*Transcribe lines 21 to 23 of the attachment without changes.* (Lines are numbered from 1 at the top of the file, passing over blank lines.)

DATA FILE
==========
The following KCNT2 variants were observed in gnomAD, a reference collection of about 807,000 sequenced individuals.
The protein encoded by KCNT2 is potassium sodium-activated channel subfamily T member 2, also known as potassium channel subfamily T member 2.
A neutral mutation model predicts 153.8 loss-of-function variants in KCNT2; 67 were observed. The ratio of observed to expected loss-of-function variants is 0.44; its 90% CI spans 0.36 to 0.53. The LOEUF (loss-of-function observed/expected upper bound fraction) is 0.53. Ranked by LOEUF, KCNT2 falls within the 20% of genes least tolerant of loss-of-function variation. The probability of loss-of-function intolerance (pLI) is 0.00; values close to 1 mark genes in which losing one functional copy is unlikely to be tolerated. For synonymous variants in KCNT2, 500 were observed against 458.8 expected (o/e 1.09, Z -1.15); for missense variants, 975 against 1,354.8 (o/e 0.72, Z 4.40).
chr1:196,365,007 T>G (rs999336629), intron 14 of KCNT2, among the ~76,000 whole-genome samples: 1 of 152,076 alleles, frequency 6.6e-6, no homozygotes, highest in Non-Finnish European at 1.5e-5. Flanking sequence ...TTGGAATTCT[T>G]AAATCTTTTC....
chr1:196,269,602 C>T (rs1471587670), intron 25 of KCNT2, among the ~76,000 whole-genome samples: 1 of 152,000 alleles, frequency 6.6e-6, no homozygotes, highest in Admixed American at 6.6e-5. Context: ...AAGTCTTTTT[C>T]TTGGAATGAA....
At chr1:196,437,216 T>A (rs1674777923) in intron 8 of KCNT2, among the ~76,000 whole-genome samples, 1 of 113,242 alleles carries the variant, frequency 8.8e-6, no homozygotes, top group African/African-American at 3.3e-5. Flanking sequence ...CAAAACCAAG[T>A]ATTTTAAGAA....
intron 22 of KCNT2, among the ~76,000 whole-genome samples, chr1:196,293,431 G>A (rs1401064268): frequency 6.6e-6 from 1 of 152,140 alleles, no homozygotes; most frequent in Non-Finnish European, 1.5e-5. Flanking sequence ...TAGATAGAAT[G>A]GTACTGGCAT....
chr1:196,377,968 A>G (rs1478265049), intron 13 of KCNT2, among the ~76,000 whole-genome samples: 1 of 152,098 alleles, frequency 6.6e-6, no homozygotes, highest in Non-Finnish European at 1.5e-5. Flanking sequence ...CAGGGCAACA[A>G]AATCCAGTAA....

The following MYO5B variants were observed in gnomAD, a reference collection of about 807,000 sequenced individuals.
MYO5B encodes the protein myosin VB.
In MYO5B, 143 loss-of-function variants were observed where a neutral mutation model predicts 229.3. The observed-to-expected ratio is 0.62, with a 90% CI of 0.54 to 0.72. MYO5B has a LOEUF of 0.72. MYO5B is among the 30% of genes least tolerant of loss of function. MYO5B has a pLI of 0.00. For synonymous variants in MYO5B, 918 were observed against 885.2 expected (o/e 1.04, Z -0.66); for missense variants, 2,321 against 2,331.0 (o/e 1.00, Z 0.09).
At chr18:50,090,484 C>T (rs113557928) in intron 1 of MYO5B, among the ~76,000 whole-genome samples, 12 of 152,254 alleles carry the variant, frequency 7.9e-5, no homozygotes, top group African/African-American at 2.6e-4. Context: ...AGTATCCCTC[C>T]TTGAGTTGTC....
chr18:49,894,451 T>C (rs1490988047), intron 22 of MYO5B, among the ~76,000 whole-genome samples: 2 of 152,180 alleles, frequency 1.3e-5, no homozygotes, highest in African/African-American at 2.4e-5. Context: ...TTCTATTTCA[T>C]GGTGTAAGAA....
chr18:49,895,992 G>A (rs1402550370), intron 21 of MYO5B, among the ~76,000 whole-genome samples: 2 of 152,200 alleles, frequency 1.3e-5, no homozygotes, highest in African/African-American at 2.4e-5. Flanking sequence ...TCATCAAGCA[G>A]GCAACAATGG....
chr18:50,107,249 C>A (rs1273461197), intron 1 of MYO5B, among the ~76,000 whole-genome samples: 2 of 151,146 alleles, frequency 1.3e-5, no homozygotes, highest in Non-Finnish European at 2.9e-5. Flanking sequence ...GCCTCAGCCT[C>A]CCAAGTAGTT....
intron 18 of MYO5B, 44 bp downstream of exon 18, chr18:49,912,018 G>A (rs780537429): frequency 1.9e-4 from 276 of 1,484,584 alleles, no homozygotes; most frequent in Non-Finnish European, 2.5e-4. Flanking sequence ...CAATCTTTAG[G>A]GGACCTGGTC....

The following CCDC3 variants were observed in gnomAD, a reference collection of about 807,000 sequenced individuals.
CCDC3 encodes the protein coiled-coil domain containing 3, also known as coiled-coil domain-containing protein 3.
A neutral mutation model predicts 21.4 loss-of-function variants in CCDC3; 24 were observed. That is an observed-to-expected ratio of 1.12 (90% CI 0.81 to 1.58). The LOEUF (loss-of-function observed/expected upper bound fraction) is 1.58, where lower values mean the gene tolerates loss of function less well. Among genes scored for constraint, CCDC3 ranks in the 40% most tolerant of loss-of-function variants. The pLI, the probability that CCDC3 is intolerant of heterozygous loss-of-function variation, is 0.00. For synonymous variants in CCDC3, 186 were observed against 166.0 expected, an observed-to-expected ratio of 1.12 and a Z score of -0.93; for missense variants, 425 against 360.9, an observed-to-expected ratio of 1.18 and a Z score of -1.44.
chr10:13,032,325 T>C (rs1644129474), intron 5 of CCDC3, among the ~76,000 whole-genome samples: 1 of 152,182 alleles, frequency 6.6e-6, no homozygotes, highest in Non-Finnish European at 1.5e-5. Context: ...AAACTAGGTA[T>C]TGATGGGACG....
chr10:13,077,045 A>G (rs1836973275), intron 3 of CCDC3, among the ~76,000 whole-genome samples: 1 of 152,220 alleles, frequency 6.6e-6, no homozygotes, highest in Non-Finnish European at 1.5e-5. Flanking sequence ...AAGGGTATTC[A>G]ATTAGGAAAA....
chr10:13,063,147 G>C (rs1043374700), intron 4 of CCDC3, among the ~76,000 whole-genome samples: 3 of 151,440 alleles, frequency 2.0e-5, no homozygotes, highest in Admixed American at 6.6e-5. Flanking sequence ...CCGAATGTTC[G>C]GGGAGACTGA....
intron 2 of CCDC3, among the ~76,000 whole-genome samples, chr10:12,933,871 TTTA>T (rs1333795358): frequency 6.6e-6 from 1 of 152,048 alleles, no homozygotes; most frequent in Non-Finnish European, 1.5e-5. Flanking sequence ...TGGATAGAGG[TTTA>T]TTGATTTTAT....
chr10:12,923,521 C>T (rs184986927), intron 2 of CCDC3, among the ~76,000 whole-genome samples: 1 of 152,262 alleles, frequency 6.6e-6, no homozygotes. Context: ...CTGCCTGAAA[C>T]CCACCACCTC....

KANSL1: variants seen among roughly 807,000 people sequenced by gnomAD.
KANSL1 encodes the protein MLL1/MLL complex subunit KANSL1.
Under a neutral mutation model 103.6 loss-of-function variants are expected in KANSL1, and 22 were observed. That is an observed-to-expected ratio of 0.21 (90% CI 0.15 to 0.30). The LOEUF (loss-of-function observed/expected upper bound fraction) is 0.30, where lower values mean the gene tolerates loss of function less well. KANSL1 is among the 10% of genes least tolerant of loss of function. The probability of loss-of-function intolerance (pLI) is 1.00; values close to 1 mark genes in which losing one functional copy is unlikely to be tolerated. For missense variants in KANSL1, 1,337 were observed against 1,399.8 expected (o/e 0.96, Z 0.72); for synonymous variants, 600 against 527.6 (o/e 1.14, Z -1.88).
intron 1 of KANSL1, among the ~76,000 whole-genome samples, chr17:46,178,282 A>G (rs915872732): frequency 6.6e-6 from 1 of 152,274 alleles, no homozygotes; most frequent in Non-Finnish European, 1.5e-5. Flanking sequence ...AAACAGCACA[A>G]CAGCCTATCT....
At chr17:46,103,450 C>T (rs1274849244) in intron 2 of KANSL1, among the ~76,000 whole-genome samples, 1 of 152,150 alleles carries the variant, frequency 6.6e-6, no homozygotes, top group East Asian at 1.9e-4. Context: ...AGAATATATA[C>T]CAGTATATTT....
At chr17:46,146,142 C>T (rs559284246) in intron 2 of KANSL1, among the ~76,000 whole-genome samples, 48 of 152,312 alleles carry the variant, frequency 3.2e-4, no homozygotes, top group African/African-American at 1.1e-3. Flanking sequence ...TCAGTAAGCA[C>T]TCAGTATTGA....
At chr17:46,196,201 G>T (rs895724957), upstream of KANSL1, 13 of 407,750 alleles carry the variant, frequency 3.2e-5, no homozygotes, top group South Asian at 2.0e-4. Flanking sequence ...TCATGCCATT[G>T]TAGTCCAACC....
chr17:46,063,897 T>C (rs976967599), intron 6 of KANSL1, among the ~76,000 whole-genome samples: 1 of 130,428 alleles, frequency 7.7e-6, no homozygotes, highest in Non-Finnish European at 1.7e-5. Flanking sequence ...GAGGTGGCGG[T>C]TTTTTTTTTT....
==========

chr10:13,077,045 A>G (rs1836973275), intron 3 of CCDC3, among the ~76,000 whole-genome samples: 1 of 152,220 alleles, frequency 6.6e-6, no homozygotes, highest in Non-Finnish European at 1.5e-5. Flanking sequence ...AAGGGTATTC[A>G]ATTAGGAAAA....
chr10:13,063,147 G>C (rs1043374700), intron 4 of CCDC3, among the ~76,000 whole-genome samples: 3 of 151,440 alleles, frequency 2.0e-5, no homozygotes, highest in Admixed American at 6.6e-5. Flanking sequence ...CCGAATGTTC[G>C]GGGAGACTGA....
intron 2 of CCDC3, among the ~76,000 whole-genome samples, chr10:12,933,871 TTTA>T (rs1333795358): frequency 6.6e-6 from 1 of 152,048 alleles, no homozygotes; most frequent in Non-Finnish European, 1.5e-5. Flanking sequence ...TGGATAGAGG[TTTA>T]TTGATTTTAT....